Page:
Monday, November 24, 2008

The Coal Pot Queen: Camping in Gbele Game Reserve

This weekend we decided to test out our camping skills and to explore some of the practical issues which might arise when we begin our overland journey to Capetown in just over 4 months time. It was great fun camping, but freezing cold! However we are now quite re-assured that we can rely on our new tent and our ‘coal-pot’ (charcoal cooker) for any essential camping stops on our journey.

We took a trip to Gbele Game Reserve, about 120km East S.E. of Lawra along a very rough dirt road. Our home for the weekend was a new tent that our friends, Dave and Jan, brought out earlier in July

We were able to pitch in a good shady spot 6km into the reserve.

The Gbele Reserve is bisected by the river Kulpawn which is really good for bird watching; our camp site, which also hosts 3 luxury tents, was just a few hundred metres from the river. We were the sole occupants of the site; it was wonderfully peaceful with amazingly clear, starlit skies. When we signed the Reserve’s visitor’s book we observed that only three other visitors had signed in since we last visited 15 months ago. The reserve has huge potential and very friendly and helpful guides; but insufficient training prevents the guides from being able to identify even the commonest of birds (which is what tourists are keen to know) and a consequent lack of confidence prevents the guides from voluntarily imparting the vast amount of local knowledge that they have about the plants, trees, their various uses etc. So much potential, for both overseas and Ghanaian tourists!
After the night time cold at Gbele, when we got back to Lawra it was 35 deg Celsius (95 F) inside our house at 7.00pm!

Sunday, November 09, 2008

Nothing Succeeds like Success - Given the Chance....

Chris's home, Chris and brother, Jenny, Chris's father.
A particular success story is that our support for Chrysanthus, our neighbour's nephew from Dondomoteng (see photos above) is proving to be very worthwhile; his school exam results were very good and we are now supporting him with some extra studies, some accommodation and a bicycle to get around on in Wa - we sense a long-term investment coming on here! He is a very capable and decent young man, from a very poor family, he is the first one to even go to Secondary School. What we would like to do is to try and find some sponsorship so that he can progress to University, either here or in the UK - We are sure that he would acquit himself well and any sponsor could be sure of making a sound investment.

In general life is pretty good here
, about 90 degrees inside our Teachers' Resource Centre, in Lawra (where we work) today, just a little different from the October snow in the UK. We have beeen working hard here but we have also made sure that we have travelled and explored Ghana and surrounding countries.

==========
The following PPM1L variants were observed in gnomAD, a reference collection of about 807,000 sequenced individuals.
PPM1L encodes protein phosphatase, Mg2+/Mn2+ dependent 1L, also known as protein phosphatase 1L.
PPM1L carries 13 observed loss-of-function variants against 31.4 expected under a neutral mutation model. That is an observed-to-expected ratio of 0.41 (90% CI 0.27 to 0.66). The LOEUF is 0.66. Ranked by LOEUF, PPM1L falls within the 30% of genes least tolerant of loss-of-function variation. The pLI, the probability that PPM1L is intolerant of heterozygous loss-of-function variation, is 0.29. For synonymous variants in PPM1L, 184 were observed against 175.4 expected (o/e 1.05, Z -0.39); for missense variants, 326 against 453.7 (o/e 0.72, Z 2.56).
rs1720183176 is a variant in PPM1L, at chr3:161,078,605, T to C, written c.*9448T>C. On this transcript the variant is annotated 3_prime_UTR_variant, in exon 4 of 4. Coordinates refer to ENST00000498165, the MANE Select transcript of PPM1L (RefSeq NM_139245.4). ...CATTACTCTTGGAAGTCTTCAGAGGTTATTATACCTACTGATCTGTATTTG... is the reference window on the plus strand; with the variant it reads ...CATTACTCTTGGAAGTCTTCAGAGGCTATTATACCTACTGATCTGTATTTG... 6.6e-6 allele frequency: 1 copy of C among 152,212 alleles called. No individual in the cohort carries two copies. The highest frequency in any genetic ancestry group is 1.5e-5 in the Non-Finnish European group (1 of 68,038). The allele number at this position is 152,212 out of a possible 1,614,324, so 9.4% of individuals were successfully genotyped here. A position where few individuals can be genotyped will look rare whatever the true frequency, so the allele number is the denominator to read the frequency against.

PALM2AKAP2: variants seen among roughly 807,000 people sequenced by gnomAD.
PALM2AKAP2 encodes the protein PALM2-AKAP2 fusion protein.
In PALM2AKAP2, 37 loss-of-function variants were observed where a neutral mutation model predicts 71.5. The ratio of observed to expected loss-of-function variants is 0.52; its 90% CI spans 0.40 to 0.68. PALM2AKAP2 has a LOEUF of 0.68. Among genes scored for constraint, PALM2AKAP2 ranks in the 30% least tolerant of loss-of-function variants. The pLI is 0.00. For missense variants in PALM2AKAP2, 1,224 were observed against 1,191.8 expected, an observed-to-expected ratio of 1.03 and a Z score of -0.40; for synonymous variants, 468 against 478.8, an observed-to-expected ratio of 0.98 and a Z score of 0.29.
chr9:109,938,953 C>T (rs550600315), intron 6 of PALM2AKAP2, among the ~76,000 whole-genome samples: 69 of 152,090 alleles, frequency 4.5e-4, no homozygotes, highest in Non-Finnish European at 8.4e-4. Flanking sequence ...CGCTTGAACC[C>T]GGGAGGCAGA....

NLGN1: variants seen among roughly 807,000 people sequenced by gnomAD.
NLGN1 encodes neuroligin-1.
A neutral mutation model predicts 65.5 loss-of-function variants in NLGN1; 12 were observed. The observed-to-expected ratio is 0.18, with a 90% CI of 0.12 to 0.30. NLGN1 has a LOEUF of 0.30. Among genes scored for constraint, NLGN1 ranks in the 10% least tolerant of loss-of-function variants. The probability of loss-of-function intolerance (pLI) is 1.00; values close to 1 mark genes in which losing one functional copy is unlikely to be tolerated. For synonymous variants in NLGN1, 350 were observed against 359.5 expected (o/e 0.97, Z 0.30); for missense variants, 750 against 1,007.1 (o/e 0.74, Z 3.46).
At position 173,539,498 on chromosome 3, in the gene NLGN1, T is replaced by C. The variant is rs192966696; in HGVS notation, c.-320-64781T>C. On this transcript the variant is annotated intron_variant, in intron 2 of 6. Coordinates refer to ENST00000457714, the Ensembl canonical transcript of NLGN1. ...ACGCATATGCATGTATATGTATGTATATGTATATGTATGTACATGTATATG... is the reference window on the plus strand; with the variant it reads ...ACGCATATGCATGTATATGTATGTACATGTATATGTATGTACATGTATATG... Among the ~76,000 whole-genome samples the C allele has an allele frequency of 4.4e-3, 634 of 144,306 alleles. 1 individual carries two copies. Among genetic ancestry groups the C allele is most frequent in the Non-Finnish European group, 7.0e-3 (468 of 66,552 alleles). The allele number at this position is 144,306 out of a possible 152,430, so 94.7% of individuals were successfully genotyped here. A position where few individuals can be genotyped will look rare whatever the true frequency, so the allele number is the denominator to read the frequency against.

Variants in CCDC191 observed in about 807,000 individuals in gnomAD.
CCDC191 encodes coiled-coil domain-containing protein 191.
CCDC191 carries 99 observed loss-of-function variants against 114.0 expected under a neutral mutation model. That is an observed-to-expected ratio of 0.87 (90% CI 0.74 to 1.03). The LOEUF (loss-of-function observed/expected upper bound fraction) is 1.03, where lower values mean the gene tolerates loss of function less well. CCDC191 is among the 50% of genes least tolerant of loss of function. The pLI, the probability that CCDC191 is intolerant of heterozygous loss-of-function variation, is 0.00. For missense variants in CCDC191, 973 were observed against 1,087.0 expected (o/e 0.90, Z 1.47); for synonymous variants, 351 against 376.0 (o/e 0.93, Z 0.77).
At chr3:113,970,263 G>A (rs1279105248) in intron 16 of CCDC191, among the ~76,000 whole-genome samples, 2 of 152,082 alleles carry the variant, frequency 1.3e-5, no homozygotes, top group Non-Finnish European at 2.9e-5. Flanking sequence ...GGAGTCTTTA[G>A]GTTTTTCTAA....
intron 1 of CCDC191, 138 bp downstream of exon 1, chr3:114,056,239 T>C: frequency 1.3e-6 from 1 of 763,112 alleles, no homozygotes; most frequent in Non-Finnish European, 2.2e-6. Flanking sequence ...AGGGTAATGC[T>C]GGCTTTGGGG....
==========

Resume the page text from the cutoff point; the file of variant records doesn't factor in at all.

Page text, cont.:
We are now entering a season called the Harmattan - it is very hot and windy during the day - coming from the Sahara desert - but quite cool at night, we even have to put a blanket on sometimes!
We have a few months (5) remaining in Lawra and we are beginning to wonder how we will cope with the luxury and prosperity of the UK.

Our way of life here is very different
: at about 4.00 a.m. the call to prayer at our local mosque is the first thing to disturb our sleep, followed soon after by the many cockerels (they do not seem to be able to crow at the same time here!), then we hear the first villagers and school children pumping water at the borehole, then it's the school's wake up alarm (a piece of wood banging on a big metal bar), then it's the Guinea fowl, turkeys, goats, and cows that parade by and graze around the house sniffing, snorting and scrapping; then it's our neighbour's motorbike (about 6.00) as he goes off to the village shop, then it's Jenny showering pouring luke warm water over herself with a cup from our bucket of bore hole water - such luxury! Breakfast at 7.00 - work at 08.00; and we are supposed to be retired!
Amongst the things we will not miss will be the snakes (four around the house to date), scorpions, the myriad of flies in the evenings (inside - May to October) and the long dark nights - 6.00pm - 6.00-am every day throughout the year; but UK is a long time away yet as we intend to finish here on March 31st 2009 and then travel south, arriving back in the UK, probably at the beginning of September; more of that another time.

Jenny is having a very domesticated week this week; she works really hard at the TRC but she still made a date and walnut cake, a chocolate cake and some hummous this week - fantastic, a real treat. My contributions, over time, have been home made mango chutney, lime pickle and orange and lime marmalade. Enough for now, if we start talking about the food that we do and do not have we will be here all night.
Jenny and her VSO colleague, Ruth, are facing a bit of a quandry at present with the Kindergartens (KG) project they are involved with; the KG staff have not been paid for 10 months and have just embarked on strike action (wouldn't you? , they are paid only £6 per month!) - unfortunately this is just the time when vital training and investment is being put into action - a real dilemma. Onwards and upwards!